Canadian Forest Service Publications
The Queen Charlotte Islands. A discussion of forest sector development. 1999. Stennes, B.; Wilson, W.R. Natural Resources Canada, Canadian Forest Service, Pacific Forestry Centre, Victoria, BC. Working Paper WP-2000.01. 72 p.
Issued by: Pacific Forestry Centre
Catalog ID: 5431
Availability: PDF (download)
The purpose of this report is to provide a short review on the relative economic status of the Queen Charlotte Islands (QCI) and to identify potential options for sustainable forest related development. A broad definition of forestry was adopted to include traditional timber and timber processing options, non-timber forest products, wilderness options and sport fishing activity.
It is clear that the current economic performance of the QCI is highly influenced by the commercial timber harvest and forests sector competitiveness. An estimated 35% of the QCI income is from the forest sector (despite the large proportion of non-regional employment in harvesting operations and very limited regional timber processing) As a consequence, the QCI economy is expected to be relatively sensitive to ongoing provincial efforts to reposition forestry. This repositioning is in response to, among other things, changes in public expectations on forestland use, improved information on forest inventory and ecology, emerging consumer expectations/acceptance on the environmental legacies of products, First Nations' land claims, and ever-increasing market competitiveness.
The report provides information on the QCI economic structure and a recent history of commercial forestry. It is the fundamental character of the QCI, the wilderness and the physical isolation, which create both the challenge and the opportunity to sustainable economic development. Insight into regional economic development experience is presented with a review of the literature on development and regional case studies on the US Pacific Northwest and southeast Alaska. Both these regions recently had to adopt to major and abrupt reductions in federal timber harvest volumes.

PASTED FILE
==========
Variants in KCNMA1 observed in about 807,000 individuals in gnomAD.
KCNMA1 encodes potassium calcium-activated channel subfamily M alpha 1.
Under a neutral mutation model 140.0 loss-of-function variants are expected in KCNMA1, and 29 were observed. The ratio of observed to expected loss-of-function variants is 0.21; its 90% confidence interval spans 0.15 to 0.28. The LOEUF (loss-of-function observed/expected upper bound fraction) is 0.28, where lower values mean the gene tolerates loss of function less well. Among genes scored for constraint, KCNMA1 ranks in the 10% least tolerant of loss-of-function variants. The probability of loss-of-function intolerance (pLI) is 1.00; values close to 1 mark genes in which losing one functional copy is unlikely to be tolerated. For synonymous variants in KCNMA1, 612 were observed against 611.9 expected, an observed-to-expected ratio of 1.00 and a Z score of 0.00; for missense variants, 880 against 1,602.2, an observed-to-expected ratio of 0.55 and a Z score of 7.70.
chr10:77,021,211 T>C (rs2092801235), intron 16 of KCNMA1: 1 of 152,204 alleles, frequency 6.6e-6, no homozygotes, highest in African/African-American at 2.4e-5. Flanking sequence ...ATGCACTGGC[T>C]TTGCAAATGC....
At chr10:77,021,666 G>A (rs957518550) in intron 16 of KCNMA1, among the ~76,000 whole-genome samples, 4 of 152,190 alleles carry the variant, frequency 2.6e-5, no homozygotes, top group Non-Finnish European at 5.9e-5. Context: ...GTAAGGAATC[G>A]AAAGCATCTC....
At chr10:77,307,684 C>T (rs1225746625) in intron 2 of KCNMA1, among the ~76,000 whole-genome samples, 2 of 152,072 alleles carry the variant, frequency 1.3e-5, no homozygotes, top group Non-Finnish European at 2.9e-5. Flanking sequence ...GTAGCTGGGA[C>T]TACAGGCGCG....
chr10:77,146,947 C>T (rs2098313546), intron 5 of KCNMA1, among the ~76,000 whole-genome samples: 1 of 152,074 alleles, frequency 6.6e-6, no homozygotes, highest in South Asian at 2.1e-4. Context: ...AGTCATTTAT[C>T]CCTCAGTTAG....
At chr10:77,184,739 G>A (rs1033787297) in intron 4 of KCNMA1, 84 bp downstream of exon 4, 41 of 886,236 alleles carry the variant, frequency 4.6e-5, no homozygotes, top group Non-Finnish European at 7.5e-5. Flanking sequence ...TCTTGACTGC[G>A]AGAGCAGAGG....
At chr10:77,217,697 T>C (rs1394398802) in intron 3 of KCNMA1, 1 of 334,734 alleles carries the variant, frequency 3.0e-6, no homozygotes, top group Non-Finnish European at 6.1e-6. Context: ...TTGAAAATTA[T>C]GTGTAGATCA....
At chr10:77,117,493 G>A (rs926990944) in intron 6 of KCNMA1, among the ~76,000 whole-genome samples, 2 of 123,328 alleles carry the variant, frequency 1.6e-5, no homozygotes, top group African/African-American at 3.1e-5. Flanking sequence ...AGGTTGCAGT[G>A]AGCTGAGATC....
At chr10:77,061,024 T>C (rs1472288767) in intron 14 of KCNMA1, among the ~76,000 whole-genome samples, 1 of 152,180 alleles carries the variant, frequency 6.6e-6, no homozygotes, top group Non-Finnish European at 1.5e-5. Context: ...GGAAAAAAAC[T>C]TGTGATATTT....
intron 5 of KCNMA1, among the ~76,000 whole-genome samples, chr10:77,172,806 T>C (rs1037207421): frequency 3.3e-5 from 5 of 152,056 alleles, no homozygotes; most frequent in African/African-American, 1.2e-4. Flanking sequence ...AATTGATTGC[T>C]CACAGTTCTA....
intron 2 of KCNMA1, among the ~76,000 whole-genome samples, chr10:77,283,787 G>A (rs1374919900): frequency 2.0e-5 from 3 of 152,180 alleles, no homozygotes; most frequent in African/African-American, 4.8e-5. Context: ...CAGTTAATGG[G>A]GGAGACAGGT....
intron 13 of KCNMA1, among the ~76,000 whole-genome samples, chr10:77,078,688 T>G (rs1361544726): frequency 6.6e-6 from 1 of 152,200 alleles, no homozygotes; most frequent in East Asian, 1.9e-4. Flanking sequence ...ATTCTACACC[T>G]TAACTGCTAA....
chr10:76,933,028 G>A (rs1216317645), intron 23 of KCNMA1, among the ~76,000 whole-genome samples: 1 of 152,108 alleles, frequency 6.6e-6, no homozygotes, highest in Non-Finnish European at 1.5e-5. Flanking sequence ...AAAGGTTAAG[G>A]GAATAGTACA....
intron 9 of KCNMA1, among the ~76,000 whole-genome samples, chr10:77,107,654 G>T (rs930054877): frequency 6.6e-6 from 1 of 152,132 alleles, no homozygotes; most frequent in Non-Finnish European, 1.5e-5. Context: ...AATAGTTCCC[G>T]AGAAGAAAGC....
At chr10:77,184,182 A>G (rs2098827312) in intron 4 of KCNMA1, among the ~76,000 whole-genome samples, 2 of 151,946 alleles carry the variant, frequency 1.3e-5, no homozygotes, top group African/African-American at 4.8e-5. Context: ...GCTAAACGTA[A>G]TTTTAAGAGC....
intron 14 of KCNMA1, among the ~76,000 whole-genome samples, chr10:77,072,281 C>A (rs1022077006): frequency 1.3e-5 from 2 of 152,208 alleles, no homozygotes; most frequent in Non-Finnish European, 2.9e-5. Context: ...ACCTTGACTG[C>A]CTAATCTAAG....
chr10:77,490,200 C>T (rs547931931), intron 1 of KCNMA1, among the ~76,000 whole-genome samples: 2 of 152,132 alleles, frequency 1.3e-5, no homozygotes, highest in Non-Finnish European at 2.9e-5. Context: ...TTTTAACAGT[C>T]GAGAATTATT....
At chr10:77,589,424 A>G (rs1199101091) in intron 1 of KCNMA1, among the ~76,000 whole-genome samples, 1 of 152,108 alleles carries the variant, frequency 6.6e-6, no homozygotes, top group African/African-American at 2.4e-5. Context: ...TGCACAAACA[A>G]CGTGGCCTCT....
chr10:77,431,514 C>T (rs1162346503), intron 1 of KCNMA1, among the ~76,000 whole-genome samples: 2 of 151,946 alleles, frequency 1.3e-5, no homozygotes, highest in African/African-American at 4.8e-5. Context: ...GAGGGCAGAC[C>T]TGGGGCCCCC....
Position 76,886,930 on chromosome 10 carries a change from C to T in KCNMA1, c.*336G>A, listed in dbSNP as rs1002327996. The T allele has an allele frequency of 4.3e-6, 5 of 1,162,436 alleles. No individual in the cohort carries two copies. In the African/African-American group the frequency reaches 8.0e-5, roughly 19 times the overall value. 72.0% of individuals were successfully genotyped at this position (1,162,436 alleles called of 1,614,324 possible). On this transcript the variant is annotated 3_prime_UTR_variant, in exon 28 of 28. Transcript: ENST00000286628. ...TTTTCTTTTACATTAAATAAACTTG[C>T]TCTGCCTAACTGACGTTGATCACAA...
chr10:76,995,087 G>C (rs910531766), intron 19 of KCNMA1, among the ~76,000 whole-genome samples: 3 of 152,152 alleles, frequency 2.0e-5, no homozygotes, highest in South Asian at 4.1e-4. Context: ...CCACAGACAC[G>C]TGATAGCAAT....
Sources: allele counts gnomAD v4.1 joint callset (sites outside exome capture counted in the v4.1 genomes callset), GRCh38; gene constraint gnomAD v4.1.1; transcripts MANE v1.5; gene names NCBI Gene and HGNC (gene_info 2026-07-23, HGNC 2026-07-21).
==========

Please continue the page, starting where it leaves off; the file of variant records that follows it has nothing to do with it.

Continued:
The development options discussed the the report include: a more intensive silvicultural effort to capture the timber growth performance on the QCI; log exports, albeit on a restricted basis, via a selection harvest method; a log sort yard to facilitate improved local log supply; and a secondary manufacturing cluster in log home production. The potential and constraints on expansion in a selection of non-timber forest products (mushrooms, pharmaceuticals, floral greenery, and bottled water) are examined. The option for wilderness tourism based on the QCI wilderness and Haida Gwaii culture is also explored. A guide to preparing a business plan, a necessary part of assessing any manufacturing opportunity in development, is provided in the report.
It is unfortunate but sustainable economic development depends on the product of a variety of unknown factors and there is no formula or model that can be employed. However, despite this limitation there is merit in the due consideration of the regional fundamentals at work and the development options that are available based on those fundamentals. This is particularly true given the limited ability of the public sector to intervene with direct financial support. Instead, it is the institutional and regulatory settings and their impacts on sustainable development that are increasingly key public sector contributions.